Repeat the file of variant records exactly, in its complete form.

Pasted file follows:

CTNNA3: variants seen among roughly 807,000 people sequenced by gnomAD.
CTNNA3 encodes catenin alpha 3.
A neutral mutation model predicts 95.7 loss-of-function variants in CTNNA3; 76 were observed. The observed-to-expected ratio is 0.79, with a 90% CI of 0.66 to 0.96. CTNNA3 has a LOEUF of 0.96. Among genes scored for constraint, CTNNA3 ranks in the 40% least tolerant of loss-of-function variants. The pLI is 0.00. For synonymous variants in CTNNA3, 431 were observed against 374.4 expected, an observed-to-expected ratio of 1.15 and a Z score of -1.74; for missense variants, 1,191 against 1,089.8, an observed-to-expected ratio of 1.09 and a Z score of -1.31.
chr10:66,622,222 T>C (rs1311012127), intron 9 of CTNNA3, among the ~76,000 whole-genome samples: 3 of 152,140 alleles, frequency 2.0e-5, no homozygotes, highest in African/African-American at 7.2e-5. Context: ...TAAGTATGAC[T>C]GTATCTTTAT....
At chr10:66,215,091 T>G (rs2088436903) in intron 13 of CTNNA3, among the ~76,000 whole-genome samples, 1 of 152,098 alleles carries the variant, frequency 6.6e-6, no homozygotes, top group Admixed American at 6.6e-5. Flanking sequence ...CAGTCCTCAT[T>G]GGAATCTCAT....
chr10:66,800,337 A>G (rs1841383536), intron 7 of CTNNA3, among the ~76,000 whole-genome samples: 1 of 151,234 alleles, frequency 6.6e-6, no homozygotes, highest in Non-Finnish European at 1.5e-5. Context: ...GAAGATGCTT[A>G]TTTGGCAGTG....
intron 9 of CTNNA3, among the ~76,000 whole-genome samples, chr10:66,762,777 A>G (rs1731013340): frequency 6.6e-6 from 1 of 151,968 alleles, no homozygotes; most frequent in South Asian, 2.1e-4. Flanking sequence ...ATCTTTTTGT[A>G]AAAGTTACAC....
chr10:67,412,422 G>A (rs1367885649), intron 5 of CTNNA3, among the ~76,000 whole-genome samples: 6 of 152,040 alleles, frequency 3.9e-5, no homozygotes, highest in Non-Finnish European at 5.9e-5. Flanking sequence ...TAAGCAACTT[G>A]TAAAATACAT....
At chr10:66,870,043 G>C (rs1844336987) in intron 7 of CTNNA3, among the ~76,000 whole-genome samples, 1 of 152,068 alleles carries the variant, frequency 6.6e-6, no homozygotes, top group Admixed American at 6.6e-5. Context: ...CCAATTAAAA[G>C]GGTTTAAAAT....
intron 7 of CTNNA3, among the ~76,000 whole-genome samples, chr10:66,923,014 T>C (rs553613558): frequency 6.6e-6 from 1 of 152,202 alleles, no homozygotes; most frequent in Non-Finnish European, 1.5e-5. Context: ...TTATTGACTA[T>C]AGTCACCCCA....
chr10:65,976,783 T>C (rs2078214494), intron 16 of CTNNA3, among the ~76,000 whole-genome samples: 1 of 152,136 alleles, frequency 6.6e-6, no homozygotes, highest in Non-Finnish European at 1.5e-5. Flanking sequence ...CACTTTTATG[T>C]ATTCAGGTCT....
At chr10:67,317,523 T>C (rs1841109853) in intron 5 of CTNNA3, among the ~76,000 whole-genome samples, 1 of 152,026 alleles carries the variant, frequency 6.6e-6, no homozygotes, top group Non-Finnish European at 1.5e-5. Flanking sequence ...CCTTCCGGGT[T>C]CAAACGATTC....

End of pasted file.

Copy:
CTNNA3: variants seen among roughly 807,000 people sequenced by gnomAD.
CTNNA3 encodes catenin alpha 3.
A neutral mutation model predicts 95.7 loss-of-function variants in CTNNA3; 76 were observed. The observed-to-expected ratio is 0.79, with a 90% CI of 0.66 to 0.96. CTNNA3 has a LOEUF of 0.96. Among genes scored for constraint, CTNNA3 ranks in the 40% least tolerant of loss-of-function variants. The pLI is 0.00. For synonymous variants in CTNNA3, 431 were observed against 374.4 expected, an observed-to-expected ratio of 1.15 and a Z score of -1.74; for missense variants, 1,191 against 1,089.8, an observed-to-expected ratio of 1.09 and a Z score of -1.31.
chr10:66,622,222 T>C (rs1311012127), intron 9 of CTNNA3, among the ~76,000 whole-genome samples: 3 of 152,140 alleles, frequency 2.0e-5, no homozygotes, highest in African/African-American at 7.2e-5. Context: ...TAAGTATGAC[T>C]GTATCTTTAT....
At chr10:66,215,091 T>G (rs2088436903) in intron 13 of CTNNA3, among the ~76,000 whole-genome samples, 1 of 152,098 alleles carries the variant, frequency 6.6e-6, no homozygotes, top group Admixed American at 6.6e-5. Flanking sequence ...CAGTCCTCAT[T>G]GGAATCTCAT....
chr10:66,800,337 A>G (rs1841383536), intron 7 of CTNNA3, among the ~76,000 whole-genome samples: 1 of 151,234 alleles, frequency 6.6e-6, no homozygotes, highest in Non-Finnish European at 1.5e-5. Context: ...GAAGATGCTT[A>G]TTTGGCAGTG....
intron 9 of CTNNA3, among the ~76,000 whole-genome samples, chr10:66,762,777 A>G (rs1731013340): frequency 6.6e-6 from 1 of 151,968 alleles, no homozygotes; most frequent in South Asian, 2.1e-4. Flanking sequence ...ATCTTTTTGT[A>G]AAAGTTACAC....
chr10:67,412,422 G>A (rs1367885649), intron 5 of CTNNA3, among the ~76,000 whole-genome samples: 6 of 152,040 alleles, frequency 3.9e-5, no homozygotes, highest in Non-Finnish European at 5.9e-5. Flanking sequence ...TAAGCAACTT[G>A]TAAAATACAT....
At chr10:66,870,043 G>C (rs1844336987) in intron 7 of CTNNA3, among the ~76,000 whole-genome samples, 1 of 152,068 alleles carries the variant, frequency 6.6e-6, no homozygotes, top group Admixed American at 6.6e-5. Context: ...CCAATTAAAA[G>C]GGTTTAAAAT....
intron 7 of CTNNA3, among the ~76,000 whole-genome samples, chr10:66,923,014 T>C (rs553613558): frequency 6.6e-6 from 1 of 152,202 alleles, no homozygotes; most frequent in Non-Finnish European, 1.5e-5. Context: ...TTATTGACTA[T>C]AGTCACCCCA....
chr10:65,976,783 T>C (rs2078214494), intron 16 of CTNNA3, among the ~76,000 whole-genome samples: 1 of 152,136 alleles, frequency 6.6e-6, no homozygotes, highest in Non-Finnish European at 1.5e-5. Flanking sequence ...CACTTTTATG[T>C]ATTCAGGTCT....
At chr10:67,317,523 T>C (rs1841109853) in intron 5 of CTNNA3, among the ~76,000 whole-genome samples, 1 of 152,026 alleles carries the variant, frequency 6.6e-6, no homozygotes, top group Non-Finnish European at 1.5e-5. Flanking sequence ...CCTTCCGGGT[T>C]CAAACGATTC....